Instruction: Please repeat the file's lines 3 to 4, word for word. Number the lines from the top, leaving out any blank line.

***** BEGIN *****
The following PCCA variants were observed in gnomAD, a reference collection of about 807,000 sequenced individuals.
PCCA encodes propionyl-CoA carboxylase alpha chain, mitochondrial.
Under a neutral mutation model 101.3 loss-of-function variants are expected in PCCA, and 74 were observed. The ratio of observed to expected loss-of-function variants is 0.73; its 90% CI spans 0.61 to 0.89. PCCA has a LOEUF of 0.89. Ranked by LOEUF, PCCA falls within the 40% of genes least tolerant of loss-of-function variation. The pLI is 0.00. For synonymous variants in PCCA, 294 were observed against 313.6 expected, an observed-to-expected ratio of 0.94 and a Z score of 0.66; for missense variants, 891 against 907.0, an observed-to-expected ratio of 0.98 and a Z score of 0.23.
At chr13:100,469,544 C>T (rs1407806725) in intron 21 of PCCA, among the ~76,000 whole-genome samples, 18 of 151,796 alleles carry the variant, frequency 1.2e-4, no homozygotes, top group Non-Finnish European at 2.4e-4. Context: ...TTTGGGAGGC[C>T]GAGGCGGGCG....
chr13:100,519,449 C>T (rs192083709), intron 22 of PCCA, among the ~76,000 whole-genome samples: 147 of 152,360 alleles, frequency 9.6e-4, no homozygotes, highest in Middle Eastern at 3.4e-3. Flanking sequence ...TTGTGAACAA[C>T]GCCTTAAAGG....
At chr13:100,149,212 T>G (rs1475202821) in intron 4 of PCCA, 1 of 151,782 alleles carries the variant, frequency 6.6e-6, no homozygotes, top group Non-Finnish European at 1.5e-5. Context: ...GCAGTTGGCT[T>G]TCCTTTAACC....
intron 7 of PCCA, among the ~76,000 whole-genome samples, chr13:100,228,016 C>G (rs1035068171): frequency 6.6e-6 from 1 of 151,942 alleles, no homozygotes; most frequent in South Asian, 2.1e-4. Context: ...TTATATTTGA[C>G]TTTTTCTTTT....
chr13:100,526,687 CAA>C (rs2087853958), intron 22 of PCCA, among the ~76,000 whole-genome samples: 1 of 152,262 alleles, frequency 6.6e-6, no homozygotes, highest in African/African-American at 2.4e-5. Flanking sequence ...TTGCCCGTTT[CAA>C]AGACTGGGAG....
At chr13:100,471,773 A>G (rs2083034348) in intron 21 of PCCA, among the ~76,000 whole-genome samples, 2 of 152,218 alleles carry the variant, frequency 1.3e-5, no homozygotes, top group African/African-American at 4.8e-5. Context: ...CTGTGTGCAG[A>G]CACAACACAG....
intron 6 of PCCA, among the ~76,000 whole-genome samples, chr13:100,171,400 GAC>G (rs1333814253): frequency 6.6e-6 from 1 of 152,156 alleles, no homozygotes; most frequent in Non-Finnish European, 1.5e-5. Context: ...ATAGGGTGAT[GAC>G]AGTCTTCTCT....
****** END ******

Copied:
Under a neutral mutation model 101.3 loss-of-function variants are expected in PCCA, and 74 were observed. The ratio of observed to expected loss-of-function variants is 0.73; its 90% CI spans 0.61 to 0.89. PCCA has a LOEUF of 0.89. Ranked by LOEUF, PCCA falls within the 40% of genes least tolerant of loss-of-function variation. The pLI is 0.00. For synonymous variants in PCCA, 294 were observed against 313.6 expected, an observed-to-expected ratio of 0.94 and a Z score of 0.66; for missense variants, 891 against 907.0, an observed-to-expected ratio of 0.98 and a Z score of 0.23.
At chr13:100,469,544 C>T (rs1407806725) in intron 21 of PCCA, among the ~76,000 whole-genome samples, 18 of 151,796 alleles carry the variant, frequency 1.2e-4, no homozygotes, top group Non-Finnish European at 2.4e-4. Context: ...TTTGGGAGGC[C>T]GAGGCGGGCG....